Shamed S. Korea scientist coerced women for eggs: report
SEOUL (Reuters) – A South Korean scientist whose work on tailored embryonic stem cells has been discredited, coerced junior female colleagues on his team to donate their own eggs for his research, a television network reported late on Tuesday.
A spokesman for Seoul National University said on Wednesday its panel investigating Hwang Woo-suk for scientific fraud would not comment on the allegation until it releases its final findings next week.
Hwang, who claimed in a landmark 2005 paper he had made a breakthrough in therapeutic cloning research, was dealt a devastating blow last week by the panel, which said none of his work, published in the journal Science, could be proved.
Junior female researchers felt compelled to subject themselves to painful procedures to extract eggs and contribute to Hwang’s research out of fear they would otherwise be excluded from academic recognition, a member of his team told MBC TV.
“She said she told Professor Hwang she wouldn’t go through with the procedure, and she said Professor Hwang got upset and said, ‘Why not?”‘ said one researcher, speaking about a colleague on the team.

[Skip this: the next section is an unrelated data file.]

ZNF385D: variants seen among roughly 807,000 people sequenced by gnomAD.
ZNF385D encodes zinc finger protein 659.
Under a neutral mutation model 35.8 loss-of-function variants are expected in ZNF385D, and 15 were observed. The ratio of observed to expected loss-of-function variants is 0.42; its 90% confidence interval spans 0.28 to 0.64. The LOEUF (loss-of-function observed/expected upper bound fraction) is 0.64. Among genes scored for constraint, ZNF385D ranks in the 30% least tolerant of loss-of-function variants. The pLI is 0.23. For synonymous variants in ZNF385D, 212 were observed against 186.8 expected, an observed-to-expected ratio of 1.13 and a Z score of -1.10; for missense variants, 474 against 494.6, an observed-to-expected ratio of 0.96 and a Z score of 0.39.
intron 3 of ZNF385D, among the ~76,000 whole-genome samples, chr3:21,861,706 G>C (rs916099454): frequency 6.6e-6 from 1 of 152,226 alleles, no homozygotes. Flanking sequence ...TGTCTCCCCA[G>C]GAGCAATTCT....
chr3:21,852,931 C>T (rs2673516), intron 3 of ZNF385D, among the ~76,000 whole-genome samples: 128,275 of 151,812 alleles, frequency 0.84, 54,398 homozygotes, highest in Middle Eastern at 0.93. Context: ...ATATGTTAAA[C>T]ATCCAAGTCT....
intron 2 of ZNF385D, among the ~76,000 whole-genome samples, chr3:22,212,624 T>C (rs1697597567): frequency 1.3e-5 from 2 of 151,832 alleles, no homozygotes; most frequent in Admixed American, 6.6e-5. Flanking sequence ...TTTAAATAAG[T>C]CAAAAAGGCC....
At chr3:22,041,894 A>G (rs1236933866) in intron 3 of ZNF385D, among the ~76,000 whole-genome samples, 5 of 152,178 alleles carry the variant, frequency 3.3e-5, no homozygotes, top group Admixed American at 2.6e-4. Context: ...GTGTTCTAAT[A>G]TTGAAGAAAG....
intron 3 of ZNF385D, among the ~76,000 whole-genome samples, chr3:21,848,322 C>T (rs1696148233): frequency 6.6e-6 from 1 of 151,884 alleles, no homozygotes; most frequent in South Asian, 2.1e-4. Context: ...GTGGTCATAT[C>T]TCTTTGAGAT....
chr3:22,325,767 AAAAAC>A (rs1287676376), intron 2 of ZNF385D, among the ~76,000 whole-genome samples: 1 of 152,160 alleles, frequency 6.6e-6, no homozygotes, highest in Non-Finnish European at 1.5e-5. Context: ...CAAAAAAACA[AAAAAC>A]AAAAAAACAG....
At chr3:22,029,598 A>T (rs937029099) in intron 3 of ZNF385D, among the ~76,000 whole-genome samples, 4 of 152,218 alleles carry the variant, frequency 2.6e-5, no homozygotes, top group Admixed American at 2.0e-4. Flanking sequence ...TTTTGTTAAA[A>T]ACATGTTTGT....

“She was worried, and it was out of worry that she decided to donate her eggs,” said the researcher, whose appearance and voice were altered in the TV interview to shield her identity.
The donor went back to Hwang’s laboratory and conducted the cloning experiment on the eggs that she herself had contributed that morning, her colleague said.
“I hope I can forgive myself for not being able to stand up to the professor,” the donor wrote in an e-mail message, provided to MBC.
MBC TV has closely followed questions about Hwang’s research and reported in a November that the scientist purposely withheld information about the source of the eggs used in his study.
Hwang has been in seclusion since he resigned from Seoul National University on December 23. He did not comment on the latest report.
The university’s investigating panel said in an interim report on Friday there was no data to prove Hwang’s team had produced tailored embryonic stem cells as he had claimed.
Hwang’s work had been touted as holding out the promise that cells cloned with patients’ tissues could one day be used to treat many debilitating illnesses and injuries.
The panel is investigating two other reports by Hwang’s team, including the veracity of a 2005 claim that it had produced the world’s first cloned dog, an Afghan hound named Snuppy.
The panel said it planned to question Gerald Schatten of the University of Pittsburgh, a former collaborator of Hwang who first raised ethical questions in November about the South Korean’s work.